As you are probably aware, the StrategiQ team attends strategy days every quarter where we are encouraged to set goals for the next three months of the year. The days that took place in January were possibly the best yet, leaving everyone feeling motivated to be their best possible selves.
During these days I noticed a recurring theme amongst the team: the desire to read more. Each year, our CEO Andy Smith shares a book that we should read ahead of the strategy days. Almost everyone enjoys it, but not many of us continue to read books after this.
In an age where digital technologies and the pressures of social media are taking over our lives, taking time out to engage in deeper thinking and cosying up with a good book is often overlooked.
Improves mental health
Research suggests that reading – even for as little as six minutes – can reduce stress by two thirds. This is because it harnesses focus and allows an escape from the stresses of daily life.
When you’re reading a book and get really attached to one of the characters, it’s not just because you’ve been led down that path by the author, it’s because reading actually makes you more empathetic. It’s suggested people who read more frequently are able to form stronger working and personal relationships with others because of their increased empathy.
Everyone knows when it comes to muscles, if you don’t use it, you lose it. Your brain is no different and absolutely benefits from a good workout. According to neuroscience, reading is more neurobiologically demanding than processing images or speech. A literate mind is a more complex one and can help to stop mental deterioration such as dementia in older age.
Improves sleep quality
Reading before bed can help your body wind down and relax, improving the quality of your sleep. However, this only applies if your reading material is paper-based. Reading from a screen – and that includes a Kindle – has been proven to decrease the quality of your sleep by 20%.
As Dr. Seuss once wrote, “the more that you read, the more things you will know. The more that you learn, the more places you’ll go.” In an attempt to understand intelligence, psychologists have divided it into two categories: fluid and crystallised intelligence. While fluid intelligence defines our problem-solving skills, crystallised intelligence is the ability to gather and retain new information – such as directions to your house or the name of a country’s capital – and the ability to read and process information. It improves with age, and reading skills and vocabulary are generally a measure of this kind of intelligence.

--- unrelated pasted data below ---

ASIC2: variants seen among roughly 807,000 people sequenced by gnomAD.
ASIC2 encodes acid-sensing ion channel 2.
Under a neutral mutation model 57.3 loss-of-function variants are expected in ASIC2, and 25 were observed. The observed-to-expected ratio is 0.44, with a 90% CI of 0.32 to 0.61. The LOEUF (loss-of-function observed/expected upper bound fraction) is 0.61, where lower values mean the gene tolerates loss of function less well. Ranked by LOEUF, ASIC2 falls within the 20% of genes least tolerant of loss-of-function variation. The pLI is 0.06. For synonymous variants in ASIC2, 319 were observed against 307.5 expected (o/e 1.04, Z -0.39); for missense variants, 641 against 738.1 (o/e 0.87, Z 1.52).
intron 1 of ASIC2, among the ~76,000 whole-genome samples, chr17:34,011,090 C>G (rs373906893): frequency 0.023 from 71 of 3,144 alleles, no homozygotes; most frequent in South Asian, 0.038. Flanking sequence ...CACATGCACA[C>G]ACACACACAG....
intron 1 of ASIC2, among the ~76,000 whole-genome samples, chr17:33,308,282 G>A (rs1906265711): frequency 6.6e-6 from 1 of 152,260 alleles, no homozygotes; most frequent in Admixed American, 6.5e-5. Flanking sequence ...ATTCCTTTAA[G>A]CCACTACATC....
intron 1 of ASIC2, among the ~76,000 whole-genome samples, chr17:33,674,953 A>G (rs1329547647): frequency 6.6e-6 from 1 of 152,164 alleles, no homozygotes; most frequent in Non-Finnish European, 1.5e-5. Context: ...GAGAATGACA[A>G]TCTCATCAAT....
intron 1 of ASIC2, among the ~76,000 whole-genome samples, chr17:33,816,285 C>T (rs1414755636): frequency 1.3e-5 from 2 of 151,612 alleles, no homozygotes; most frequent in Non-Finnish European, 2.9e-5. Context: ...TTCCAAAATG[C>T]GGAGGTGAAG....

Reading can make you feel like you’ve achieved something, increasing motivation to go on and achieve other things throughout the day. Depending on the type of book you are reading, motivation can also be spurred by wanting to put new skills or learning into practice.
Develops strong analytical skills
Have you ever been reading a book and already have ideas on how the plot will end? That’s your analytical skills bringing all the pieces together to try and reach a well-considered conclusion. The more you read, the better you will get at practising your analytical skills and applying them to real-life scenarios.
The idea isn’t to sound smarter but to actually improve your cognitive and communication skills by expanding your knowledge of words. Better language skills can set you apart from those around you in many ways. Reading exposes us to more words and ideas within a context that provides meaning and proper usage. At the same time, those new words help us to better understand the root of similar words, thus further expanding our vocabulary and language usage.
By improving memory, concentration and your ability to process information, reading can help you avoid making impulsive and irrational judgements. In analysing and critiquing the plot of your latest novel, you’re unconsciously preparing yourself to deal with situations that demand critical thinking and balanced decision-making. Research shows adults make on average 35,000 decisions in a single day!
Increases success in career
A young Elon Musk read for ten hours each day before growing up to become Tesla CEO, claiming he acquired a lot of his knowledge of rockets by reading books. These days, former Microsoft CEO Bill Gates reads a new book every week, primarily regarding the world he inhabits and the industry in which he works.
People who read often are more likely to be successful in their careers because of the points explained throughout this blog. Although these skills are best instilled at a young age, rekindling a love for reading is beneficial at any age and can be particularly impactful when trying to make a positive change in one’s life.
Introducing Power Up
With the above in mind, I have launched Power Up, a weekly reading club for StrategiQ team members. Unlike traditional book clubs or reading clubs, Power Up allows everyone to read any form of written material, whether it’s books, magazines or journals. Audiobooks and podcasts are allowed too. Not only does this ensure everyone is reading something they enjoy that will benefit them, but it also means that if they only wish to read one section of a book, they can!
At Power Up, members come together and share their key takeaways from that week’s reading. This means they share their learnings but “power up” by walking away with the reading knowledge of the entire group.
Join us each month as we share what we’ve been reading, how we would rate it and what we’ve learned from it.